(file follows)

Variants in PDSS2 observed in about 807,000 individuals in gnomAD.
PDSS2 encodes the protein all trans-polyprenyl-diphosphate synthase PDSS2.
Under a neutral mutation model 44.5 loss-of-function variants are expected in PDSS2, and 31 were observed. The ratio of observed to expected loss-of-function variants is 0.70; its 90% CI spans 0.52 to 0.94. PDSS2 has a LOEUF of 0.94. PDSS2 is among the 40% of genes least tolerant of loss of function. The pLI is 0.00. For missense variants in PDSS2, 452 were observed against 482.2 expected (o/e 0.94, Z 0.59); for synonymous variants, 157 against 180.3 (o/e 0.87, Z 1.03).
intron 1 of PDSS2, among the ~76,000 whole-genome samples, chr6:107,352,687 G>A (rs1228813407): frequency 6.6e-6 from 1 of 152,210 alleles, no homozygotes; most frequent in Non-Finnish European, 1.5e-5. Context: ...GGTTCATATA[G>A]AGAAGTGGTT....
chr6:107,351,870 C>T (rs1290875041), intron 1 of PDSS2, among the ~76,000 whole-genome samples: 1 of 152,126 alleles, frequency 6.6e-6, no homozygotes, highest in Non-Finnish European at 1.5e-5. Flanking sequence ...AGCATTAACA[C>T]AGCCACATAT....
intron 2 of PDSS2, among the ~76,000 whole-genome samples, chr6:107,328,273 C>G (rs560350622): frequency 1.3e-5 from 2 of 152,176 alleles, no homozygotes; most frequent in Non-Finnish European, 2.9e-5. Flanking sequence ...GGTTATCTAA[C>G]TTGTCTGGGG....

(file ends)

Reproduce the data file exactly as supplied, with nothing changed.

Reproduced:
Variants in PDSS2 observed in about 807,000 individuals in gnomAD.
PDSS2 encodes the protein all trans-polyprenyl-diphosphate synthase PDSS2.
Under a neutral mutation model 44.5 loss-of-function variants are expected in PDSS2, and 31 were observed. The ratio of observed to expected loss-of-function variants is 0.70; its 90% CI spans 0.52 to 0.94. PDSS2 has a LOEUF of 0.94. PDSS2 is among the 40% of genes least tolerant of loss of function. The pLI is 0.00. For missense variants in PDSS2, 452 were observed against 482.2 expected (o/e 0.94, Z 0.59); for synonymous variants, 157 against 180.3 (o/e 0.87, Z 1.03).
intron 1 of PDSS2, among the ~76,000 whole-genome samples, chr6:107,352,687 G>A (rs1228813407): frequency 6.6e-6 from 1 of 152,210 alleles, no homozygotes; most frequent in Non-Finnish European, 1.5e-5. Context: ...GGTTCATATA[G>A]AGAAGTGGTT....
chr6:107,351,870 C>T (rs1290875041), intron 1 of PDSS2, among the ~76,000 whole-genome samples: 1 of 152,126 alleles, frequency 6.6e-6, no homozygotes, highest in Non-Finnish European at 1.5e-5. Flanking sequence ...AGCATTAACA[C>T]AGCCACATAT....
intron 2 of PDSS2, among the ~76,000 whole-genome samples, chr6:107,328,273 C>G (rs560350622): frequency 1.3e-5 from 2 of 152,176 alleles, no homozygotes; most frequent in Non-Finnish European, 2.9e-5. Flanking sequence ...GGTTATCTAA[C>G]TTGTCTGGGG....